Social media is designed to be addictive, such that users go back over and over again and spend as much time as they can on them. According to an April 2019 Statista study, 40% of US online users between the age of 18 and 22 reported feeling addicted to social media.
Social media addiction causes a variety of problems for its victims. It causes them to struggle with work, friendship, and family, among others. These problems are exactly as you would expect for other forms of addiction and they include: mood modification, withdrawal symptoms, tolerance, conflict, and salience.
I hardly use other social media platforms apart from Twitter. However, I use it a lot. Maybe a little too much, in fact.
And when I try to fix this bad habit, I find myself failing. For example, there was a period where I used the Digital Wellbeing feature on my device to set a time limit for how I use Twitter.
The thing is, Twitter is a very information-rich platform. And every moment I scroll through can be something new learnt, which I love to do. So, I scroll and scroll and keep scrolling while looking for the next dopamine hit from learning something new.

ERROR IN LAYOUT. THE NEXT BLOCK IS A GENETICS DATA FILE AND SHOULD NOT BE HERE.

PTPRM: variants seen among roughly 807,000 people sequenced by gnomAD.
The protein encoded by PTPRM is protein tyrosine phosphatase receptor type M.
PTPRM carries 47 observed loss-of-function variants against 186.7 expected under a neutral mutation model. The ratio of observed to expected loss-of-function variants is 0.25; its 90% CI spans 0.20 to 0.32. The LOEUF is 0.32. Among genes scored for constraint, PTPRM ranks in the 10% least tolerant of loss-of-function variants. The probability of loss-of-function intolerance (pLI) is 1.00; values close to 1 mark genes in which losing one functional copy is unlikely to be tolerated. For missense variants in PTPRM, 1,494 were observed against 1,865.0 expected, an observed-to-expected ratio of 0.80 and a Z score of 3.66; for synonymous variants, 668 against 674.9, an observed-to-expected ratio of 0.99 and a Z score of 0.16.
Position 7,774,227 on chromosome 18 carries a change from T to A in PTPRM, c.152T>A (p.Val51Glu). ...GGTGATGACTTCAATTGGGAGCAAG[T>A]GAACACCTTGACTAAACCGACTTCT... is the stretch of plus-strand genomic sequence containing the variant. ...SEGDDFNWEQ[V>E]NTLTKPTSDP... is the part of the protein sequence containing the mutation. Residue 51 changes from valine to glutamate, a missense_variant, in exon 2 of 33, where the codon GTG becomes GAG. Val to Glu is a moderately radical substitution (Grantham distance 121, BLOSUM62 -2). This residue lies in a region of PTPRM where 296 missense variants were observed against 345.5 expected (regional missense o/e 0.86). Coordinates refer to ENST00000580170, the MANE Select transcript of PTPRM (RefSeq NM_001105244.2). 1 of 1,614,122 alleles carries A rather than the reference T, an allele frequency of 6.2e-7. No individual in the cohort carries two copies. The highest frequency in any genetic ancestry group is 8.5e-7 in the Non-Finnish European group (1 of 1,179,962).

However, there's no shortage of new things and there will never be. So, unless I accept that and simply leave the platform regardless of the "fun thing" I'm reading or looking for, I would probably never do so. And I believe this is the case for the majority of social media users.
But what if we took that decision out of users' hands?
What if, instead of waiting for them to make the decision to leave the platform, the platform does it for them?
By developing social media platforms that close. Or incorporating this feature into existing platforms.
Imagine a Twitter where users can only spend a maximum amount of three hours (or the healthy equivalent) everyday? Yes, it'll be less fun. But at the same time, it will ensure they can focus on other things and avoid addiction.
However, users can also set their own hours. And to ensure they do not break it, they can only change the time limit once a day.
I believe such measures can help combat social media addiction and ensure people can get to back to living.